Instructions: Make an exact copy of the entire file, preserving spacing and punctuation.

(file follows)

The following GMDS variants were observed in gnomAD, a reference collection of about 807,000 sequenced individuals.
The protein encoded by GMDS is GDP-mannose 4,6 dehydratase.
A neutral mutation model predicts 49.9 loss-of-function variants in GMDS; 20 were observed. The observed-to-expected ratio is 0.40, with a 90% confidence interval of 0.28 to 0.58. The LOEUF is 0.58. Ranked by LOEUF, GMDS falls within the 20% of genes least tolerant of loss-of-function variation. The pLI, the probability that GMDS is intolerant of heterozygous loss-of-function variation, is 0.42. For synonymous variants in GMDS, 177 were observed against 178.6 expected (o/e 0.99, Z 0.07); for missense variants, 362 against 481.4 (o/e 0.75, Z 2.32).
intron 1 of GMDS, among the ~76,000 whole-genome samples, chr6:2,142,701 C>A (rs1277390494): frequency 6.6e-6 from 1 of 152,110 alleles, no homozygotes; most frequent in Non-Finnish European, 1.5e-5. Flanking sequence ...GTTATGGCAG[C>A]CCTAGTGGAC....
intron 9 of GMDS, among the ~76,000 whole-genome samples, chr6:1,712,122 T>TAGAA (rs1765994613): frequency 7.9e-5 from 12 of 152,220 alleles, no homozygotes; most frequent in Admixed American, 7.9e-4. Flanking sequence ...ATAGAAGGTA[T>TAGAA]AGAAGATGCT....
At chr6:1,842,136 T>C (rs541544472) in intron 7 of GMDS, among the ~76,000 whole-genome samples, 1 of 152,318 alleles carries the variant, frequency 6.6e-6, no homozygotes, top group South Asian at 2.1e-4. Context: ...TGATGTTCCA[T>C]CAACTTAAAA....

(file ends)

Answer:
The following GMDS variants were observed in gnomAD, a reference collection of about 807,000 sequenced individuals.
The protein encoded by GMDS is GDP-mannose 4,6 dehydratase.
A neutral mutation model predicts 49.9 loss-of-function variants in GMDS; 20 were observed. The observed-to-expected ratio is 0.40, with a 90% confidence interval of 0.28 to 0.58. The LOEUF is 0.58. Ranked by LOEUF, GMDS falls within the 20% of genes least tolerant of loss-of-function variation. The pLI, the probability that GMDS is intolerant of heterozygous loss-of-function variation, is 0.42. For synonymous variants in GMDS, 177 were observed against 178.6 expected (o/e 0.99, Z 0.07); for missense variants, 362 against 481.4 (o/e 0.75, Z 2.32).
intron 1 of GMDS, among the ~76,000 whole-genome samples, chr6:2,142,701 C>A (rs1277390494): frequency 6.6e-6 from 1 of 152,110 alleles, no homozygotes; most frequent in Non-Finnish European, 1.5e-5. Flanking sequence ...GTTATGGCAG[C>A]CCTAGTGGAC....
intron 9 of GMDS, among the ~76,000 whole-genome samples, chr6:1,712,122 T>TAGAA (rs1765994613): frequency 7.9e-5 from 12 of 152,220 alleles, no homozygotes; most frequent in Admixed American, 7.9e-4. Flanking sequence ...ATAGAAGGTA[T>TAGAA]AGAAGATGCT....
At chr6:1,842,136 T>C (rs541544472) in intron 7 of GMDS, among the ~76,000 whole-genome samples, 1 of 152,318 alleles carries the variant, frequency 6.6e-6, no homozygotes, top group South Asian at 2.1e-4. Context: ...TGATGTTCCA[T>C]CAACTTAAAA....